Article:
The Halloween decorations have been packed away, fireworks have exploded and the air still smells of burnt embers and pumpkin but regardless of this, I’m hectically ordering baubles, downloading Now That’s What I Call Christmas and buying the most adorable wrapping paper the high street has to offer.
As I listen to Christmas Scrooges grumbling about the Coca Cola advert and sighing about my need to visit London’s Winter Wonderland for the fifth time, I can’t help but feel sorry for them.
Christmas is my yearly indulgence and I’m not giving it up for anyone. I live for the sights and smells of Winter, the cosy jumpers are building up and Christmas markets are already pencilled in the calendar to kick start the festivities.
Not even working in retail for three years, where Christmas starts in October and customers fight it out over the final turkeys, dampens my spirits. I start wrapping presents in October and sneakily filling my ears with Slade and Band Aid weeks before December rears its bitterly cold head.
The warming family atmosphere as the winter spice candles flicker on the windowsill is enough to make even the most cold hearted individual smile.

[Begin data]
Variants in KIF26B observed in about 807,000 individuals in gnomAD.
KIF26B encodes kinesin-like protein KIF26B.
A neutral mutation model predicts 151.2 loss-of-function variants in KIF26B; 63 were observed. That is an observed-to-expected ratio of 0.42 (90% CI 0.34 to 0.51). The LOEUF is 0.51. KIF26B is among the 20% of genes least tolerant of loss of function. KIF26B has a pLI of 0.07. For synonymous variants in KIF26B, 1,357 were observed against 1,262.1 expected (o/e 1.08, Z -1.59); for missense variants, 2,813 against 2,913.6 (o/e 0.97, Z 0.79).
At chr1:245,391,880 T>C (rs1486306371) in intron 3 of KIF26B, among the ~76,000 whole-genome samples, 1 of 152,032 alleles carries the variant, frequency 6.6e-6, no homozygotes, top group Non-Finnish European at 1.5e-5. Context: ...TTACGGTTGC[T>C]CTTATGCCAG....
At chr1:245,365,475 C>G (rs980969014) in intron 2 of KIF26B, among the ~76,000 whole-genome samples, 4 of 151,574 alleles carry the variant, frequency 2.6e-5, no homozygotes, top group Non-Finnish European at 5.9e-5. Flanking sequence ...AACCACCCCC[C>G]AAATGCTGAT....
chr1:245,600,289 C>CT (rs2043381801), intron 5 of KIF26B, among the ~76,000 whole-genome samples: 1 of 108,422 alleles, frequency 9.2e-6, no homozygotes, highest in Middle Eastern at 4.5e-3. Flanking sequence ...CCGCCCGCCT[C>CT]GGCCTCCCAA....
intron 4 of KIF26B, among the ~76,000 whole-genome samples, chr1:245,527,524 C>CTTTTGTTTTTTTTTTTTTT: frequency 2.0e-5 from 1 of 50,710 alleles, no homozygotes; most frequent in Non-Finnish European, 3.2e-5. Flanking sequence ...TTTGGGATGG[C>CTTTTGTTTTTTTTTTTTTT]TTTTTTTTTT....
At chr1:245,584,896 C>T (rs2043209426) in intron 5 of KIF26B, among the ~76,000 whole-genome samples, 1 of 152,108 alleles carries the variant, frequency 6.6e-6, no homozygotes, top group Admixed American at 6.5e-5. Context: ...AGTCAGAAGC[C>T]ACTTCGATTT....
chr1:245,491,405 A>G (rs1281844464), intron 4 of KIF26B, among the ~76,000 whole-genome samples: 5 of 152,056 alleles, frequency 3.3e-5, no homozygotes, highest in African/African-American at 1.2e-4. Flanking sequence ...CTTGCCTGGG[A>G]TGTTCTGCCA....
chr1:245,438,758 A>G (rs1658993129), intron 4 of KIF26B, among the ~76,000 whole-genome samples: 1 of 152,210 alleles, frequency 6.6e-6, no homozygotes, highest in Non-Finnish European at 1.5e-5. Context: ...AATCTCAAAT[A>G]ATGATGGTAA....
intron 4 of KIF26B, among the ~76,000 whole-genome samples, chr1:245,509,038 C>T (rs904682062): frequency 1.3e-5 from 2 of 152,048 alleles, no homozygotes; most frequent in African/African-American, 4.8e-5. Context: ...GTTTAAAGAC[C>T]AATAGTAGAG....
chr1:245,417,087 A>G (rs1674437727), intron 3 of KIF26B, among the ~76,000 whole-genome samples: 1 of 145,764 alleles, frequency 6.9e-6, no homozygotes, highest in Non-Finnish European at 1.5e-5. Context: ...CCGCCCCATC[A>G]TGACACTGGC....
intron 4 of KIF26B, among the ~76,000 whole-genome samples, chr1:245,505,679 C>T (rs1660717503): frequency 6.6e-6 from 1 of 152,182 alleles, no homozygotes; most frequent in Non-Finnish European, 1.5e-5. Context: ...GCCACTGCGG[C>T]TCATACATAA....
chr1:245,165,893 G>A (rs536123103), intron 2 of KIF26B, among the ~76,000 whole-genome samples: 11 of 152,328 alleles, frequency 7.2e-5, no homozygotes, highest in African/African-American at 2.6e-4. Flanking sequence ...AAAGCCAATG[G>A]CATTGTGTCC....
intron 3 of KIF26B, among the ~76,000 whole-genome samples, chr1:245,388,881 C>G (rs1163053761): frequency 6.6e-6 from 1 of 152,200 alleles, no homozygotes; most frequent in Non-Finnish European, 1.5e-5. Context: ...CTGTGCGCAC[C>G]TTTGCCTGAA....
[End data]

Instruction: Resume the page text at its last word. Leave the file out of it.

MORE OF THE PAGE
Serving up pigs in blankets and stuffing as crackers are pulled and awful jokes are sniggered at makes my entire year.
In short, just simply seeing people happy puts a smile on my face; the festive backdrop definitely helps though.
When the evening comes to an end and everyone has collapsed in a food coma I cannot help but feel warm and content. As grandparents snooze on the sofa and parents drunkenly discuss their childhood memories with Christmas music ringing in their ears, life feels perfectly balanced.
I bombard the scrooges of festivity with Christmas carols and tinsel knowing that when Christmas eve rolls round and everyone gathers together filled with cheer, even the grouchiest of Grinches will inwardly smile as they become hysterical watching Home Alone while finishing off the Quality Streets.
I am constantly harassed by eye rolls from grizzly Grinches, ready waiting to rain on my parade with their ‘you’re not a child anymore’ speeches urging me to grow up.
No, I am not a child but regardless of this very obvious fact, all I want to do is bathe in Christmas magic. Much like that awful sweatshirt your Nan makes you every year Christmas celebrations are for life, not just for our childhood.